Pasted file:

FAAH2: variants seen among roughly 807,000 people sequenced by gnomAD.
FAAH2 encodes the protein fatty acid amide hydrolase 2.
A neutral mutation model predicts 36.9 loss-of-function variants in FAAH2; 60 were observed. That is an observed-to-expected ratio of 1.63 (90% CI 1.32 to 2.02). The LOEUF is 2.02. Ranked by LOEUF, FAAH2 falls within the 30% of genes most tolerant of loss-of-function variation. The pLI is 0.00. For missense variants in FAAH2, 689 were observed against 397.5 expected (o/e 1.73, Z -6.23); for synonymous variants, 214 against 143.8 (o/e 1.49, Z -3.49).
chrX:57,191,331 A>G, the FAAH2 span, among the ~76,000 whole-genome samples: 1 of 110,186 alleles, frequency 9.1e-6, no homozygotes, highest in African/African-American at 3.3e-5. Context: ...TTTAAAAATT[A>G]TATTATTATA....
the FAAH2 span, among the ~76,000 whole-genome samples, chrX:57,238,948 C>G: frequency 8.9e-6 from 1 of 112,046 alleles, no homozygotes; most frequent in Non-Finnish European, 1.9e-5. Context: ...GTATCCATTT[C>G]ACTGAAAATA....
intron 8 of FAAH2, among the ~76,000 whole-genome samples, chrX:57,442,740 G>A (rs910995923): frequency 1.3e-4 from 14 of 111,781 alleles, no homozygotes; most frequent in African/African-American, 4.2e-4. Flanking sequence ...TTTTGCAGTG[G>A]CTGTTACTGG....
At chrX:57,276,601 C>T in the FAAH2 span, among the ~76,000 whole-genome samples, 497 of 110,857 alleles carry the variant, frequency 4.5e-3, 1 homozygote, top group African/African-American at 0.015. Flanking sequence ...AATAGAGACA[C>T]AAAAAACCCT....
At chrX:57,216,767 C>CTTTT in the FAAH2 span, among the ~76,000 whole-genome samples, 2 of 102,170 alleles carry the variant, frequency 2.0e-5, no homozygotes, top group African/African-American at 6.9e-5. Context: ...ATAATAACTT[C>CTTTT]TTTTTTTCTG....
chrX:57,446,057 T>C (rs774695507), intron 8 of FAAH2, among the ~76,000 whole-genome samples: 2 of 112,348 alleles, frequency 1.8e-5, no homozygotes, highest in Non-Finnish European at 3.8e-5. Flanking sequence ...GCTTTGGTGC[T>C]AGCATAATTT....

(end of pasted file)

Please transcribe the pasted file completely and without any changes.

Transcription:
FAAH2: variants seen among roughly 807,000 people sequenced by gnomAD.
FAAH2 encodes the protein fatty acid amide hydrolase 2.
A neutral mutation model predicts 36.9 loss-of-function variants in FAAH2; 60 were observed. That is an observed-to-expected ratio of 1.63 (90% CI 1.32 to 2.02). The LOEUF is 2.02. Ranked by LOEUF, FAAH2 falls within the 30% of genes most tolerant of loss-of-function variation. The pLI is 0.00. For missense variants in FAAH2, 689 were observed against 397.5 expected (o/e 1.73, Z -6.23); for synonymous variants, 214 against 143.8 (o/e 1.49, Z -3.49).
chrX:57,191,331 A>G, the FAAH2 span, among the ~76,000 whole-genome samples: 1 of 110,186 alleles, frequency 9.1e-6, no homozygotes, highest in African/African-American at 3.3e-5. Context: ...TTTAAAAATT[A>G]TATTATTATA....
the FAAH2 span, among the ~76,000 whole-genome samples, chrX:57,238,948 C>G: frequency 8.9e-6 from 1 of 112,046 alleles, no homozygotes; most frequent in Non-Finnish European, 1.9e-5. Context: ...GTATCCATTT[C>G]ACTGAAAATA....
intron 8 of FAAH2, among the ~76,000 whole-genome samples, chrX:57,442,740 G>A (rs910995923): frequency 1.3e-4 from 14 of 111,781 alleles, no homozygotes; most frequent in African/African-American, 4.2e-4. Flanking sequence ...TTTTGCAGTG[G>A]CTGTTACTGG....
At chrX:57,276,601 C>T in the FAAH2 span, among the ~76,000 whole-genome samples, 497 of 110,857 alleles carry the variant, frequency 4.5e-3, 1 homozygote, top group African/African-American at 0.015. Flanking sequence ...AATAGAGACA[C>T]AAAAAACCCT....
At chrX:57,216,767 C>CTTTT in the FAAH2 span, among the ~76,000 whole-genome samples, 2 of 102,170 alleles carry the variant, frequency 2.0e-5, no homozygotes, top group African/African-American at 6.9e-5. Context: ...ATAATAACTT[C>CTTTT]TTTTTTTCTG....
chrX:57,446,057 T>C (rs774695507), intron 8 of FAAH2, among the ~76,000 whole-genome samples: 2 of 112,348 alleles, frequency 1.8e-5, no homozygotes, highest in Non-Finnish European at 3.8e-5. Flanking sequence ...GCTTTGGTGC[T>C]AGCATAATTT....